Obviously, the 'researcher's check' mentioned by Summers was either incomplete or sloppy. Furthermore, since the alleged results of that 'researcher's check' had been described as negative by someone of Summers' status, subsequent researchers had never bothered to check. We had to wait until that task was undertaken by a certain British researcher (Melanie Swift) in 1995 and the CE 321 postcard was found exactly where it had been since the publication of the Warren Commission 26 Volumes just ten months after the assassination.

The myth of the Oswald 'Coke' bottle
It now seems almost an unchallenged part of Lee Harvey Oswald folklore that he was holding a bottle of Coca-Cola when confronted by DPD Patrolman Marrion Baker and Building Operations Supervisor Roy Truly on the second floor of the TSBD shortly after the shots in Dealey Plaza. Indeed, there have been published comments and discussions claiming that this was somewhat odd since Oswald preferred Dr Pepper to Coca-Cola.

If those researchers who have written that Oswald was holding a bottle of Coca-Cola when challenged by Baker had taken the trouble to go back to the primary sources they would have learnt that this is yet another myth.

Consider the following brief exchange during Baker's Warren Commission testimony as he describes that meeting:

MR BELIN: "Was he carrying anything in his hands?"
MR BAKER: "He had nothing at that time." (3H 251)

Roy Truly confirms this in his own testimony:

MR BELIN: "Could you see whether of not Lee Harvey Oswald had anything in either hand?"
MR TRULY: "I noticed nothing in either hand."
MR BELIN: "Did you see both of his hands?"
MR TRULY: "I am sure I did, I could be wrong, but I am almost sure I did." (3H 225)

We have some added confusion here in Marrion Baker's FBI statement of 23rd September 1964 (CE 3076). This was apparently written down at Baker's dictation and includes the words 'I saw a man standing in the lunch room drinking a coke.' Those last three words, however, have been crossed through and initialled by Baker.

Lee Harvey Oswald, as far as I am aware, was never asked any similar question and there were no other eyewitnesses to this.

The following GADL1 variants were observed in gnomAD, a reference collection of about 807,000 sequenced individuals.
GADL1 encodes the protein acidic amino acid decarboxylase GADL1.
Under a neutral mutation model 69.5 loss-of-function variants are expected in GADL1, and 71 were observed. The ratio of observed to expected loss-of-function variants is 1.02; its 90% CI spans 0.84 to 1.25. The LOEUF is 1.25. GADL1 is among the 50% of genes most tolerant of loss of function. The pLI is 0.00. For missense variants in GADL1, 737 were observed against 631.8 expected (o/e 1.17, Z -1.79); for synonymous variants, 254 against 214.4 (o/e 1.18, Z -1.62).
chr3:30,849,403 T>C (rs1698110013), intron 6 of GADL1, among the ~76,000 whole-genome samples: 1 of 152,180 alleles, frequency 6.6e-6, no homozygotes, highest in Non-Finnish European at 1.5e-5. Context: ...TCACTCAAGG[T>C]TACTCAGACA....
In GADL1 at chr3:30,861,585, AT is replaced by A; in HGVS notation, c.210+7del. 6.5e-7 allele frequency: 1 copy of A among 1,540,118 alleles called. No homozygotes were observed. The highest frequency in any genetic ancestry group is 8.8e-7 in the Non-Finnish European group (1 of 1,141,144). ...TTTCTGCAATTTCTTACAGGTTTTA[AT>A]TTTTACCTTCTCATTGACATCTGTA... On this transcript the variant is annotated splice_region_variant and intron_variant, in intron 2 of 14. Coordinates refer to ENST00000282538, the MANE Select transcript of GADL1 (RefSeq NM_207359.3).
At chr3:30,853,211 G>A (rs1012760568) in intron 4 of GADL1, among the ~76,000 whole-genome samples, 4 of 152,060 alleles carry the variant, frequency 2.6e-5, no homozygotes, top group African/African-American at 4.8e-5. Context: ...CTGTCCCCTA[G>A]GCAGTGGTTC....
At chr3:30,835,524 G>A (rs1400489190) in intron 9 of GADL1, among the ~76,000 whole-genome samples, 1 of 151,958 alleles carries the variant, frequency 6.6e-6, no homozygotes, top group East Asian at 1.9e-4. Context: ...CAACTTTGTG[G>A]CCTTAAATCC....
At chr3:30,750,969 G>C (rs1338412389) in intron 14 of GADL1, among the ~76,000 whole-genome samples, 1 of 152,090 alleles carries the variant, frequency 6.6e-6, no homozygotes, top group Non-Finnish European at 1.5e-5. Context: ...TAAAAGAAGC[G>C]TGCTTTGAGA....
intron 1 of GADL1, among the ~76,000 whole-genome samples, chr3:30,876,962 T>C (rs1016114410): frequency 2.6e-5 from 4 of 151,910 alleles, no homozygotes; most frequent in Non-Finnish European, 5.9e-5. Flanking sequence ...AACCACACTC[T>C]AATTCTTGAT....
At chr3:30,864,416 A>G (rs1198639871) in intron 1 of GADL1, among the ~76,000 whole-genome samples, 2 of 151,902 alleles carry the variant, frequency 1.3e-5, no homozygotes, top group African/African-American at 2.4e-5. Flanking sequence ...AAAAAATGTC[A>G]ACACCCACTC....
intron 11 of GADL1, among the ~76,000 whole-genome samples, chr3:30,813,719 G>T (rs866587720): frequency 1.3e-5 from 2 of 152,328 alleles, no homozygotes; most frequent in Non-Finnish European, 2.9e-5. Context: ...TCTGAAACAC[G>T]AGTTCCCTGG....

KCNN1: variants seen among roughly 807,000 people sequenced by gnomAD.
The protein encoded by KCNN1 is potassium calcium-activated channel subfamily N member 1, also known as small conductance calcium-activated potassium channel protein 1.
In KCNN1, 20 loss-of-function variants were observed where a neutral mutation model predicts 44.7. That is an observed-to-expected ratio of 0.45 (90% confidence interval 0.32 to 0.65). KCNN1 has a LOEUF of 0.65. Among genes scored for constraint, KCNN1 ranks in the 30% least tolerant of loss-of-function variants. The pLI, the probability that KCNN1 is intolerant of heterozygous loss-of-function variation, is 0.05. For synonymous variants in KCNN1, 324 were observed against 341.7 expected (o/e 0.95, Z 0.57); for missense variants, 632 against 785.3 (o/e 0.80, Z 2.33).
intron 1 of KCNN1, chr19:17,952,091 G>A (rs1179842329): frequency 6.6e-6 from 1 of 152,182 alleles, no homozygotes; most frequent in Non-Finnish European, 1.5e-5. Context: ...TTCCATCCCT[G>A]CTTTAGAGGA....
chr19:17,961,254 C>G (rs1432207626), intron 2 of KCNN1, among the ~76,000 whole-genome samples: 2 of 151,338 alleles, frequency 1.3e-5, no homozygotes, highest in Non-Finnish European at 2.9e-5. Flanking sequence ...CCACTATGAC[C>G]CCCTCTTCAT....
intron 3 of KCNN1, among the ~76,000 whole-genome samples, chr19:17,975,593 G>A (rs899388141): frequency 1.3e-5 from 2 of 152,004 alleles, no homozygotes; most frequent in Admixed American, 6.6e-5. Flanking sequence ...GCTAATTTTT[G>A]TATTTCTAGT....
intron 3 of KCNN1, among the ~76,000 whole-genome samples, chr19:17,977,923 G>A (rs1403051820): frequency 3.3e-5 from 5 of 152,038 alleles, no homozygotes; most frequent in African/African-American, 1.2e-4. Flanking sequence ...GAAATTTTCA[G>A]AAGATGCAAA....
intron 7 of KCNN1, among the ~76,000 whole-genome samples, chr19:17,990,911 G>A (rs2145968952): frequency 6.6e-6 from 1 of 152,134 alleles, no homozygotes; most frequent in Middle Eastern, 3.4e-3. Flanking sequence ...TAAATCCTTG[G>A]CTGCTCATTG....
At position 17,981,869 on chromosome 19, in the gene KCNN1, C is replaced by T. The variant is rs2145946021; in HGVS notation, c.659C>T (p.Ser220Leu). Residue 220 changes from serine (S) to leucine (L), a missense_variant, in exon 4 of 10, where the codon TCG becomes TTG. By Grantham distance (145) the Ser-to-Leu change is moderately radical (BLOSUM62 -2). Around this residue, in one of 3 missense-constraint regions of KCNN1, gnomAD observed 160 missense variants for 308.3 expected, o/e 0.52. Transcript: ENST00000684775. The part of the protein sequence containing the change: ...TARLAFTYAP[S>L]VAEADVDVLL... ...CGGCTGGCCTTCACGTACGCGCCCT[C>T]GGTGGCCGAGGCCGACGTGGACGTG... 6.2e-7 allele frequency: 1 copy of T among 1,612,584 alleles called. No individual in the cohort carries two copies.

The origin of this widely-believed myth may come from the testimony of Mrs Robert A Reid, a TSBD Clerical Supervisor who occupied an office on the second floor. In her testimony, she describes that she ate an early and hurried lunch in the second floor lunchroom at around noon and then went downstairs to street level where she watched the passing motorcade. She does not describe what she saw but she mentions hearing three shots. She stated that she thought 'they came from our building' but then ran into the building to 'get out of this line of shots.' She ran up the front stairs to her second floor office.

MR BELIN: "And then what did you do?"
MRS REID: "Well, I kept walking and I looked up and Oswald was coming in the back door of the office. I met him by the time I passed my desk several feet and I told him: 'Oh, the President has been shot, but maybe they didn't hit him.' ..... He had gotten a coke and was holding it in his hands ..... The only time I had seen him in the office was to come and get change and he already had his coke in his hand ..... " (3H 274).

Mrs Reid's journey on foot from the front of the TSBD to her office had subsequently been timed by stopwatch at approximately two minutes, showing that she encountered Oswald after his meeting with Baker and Truly. (3H 275). Later in her testimony, she stated that the coke bottle he was holding was full. (3H 278).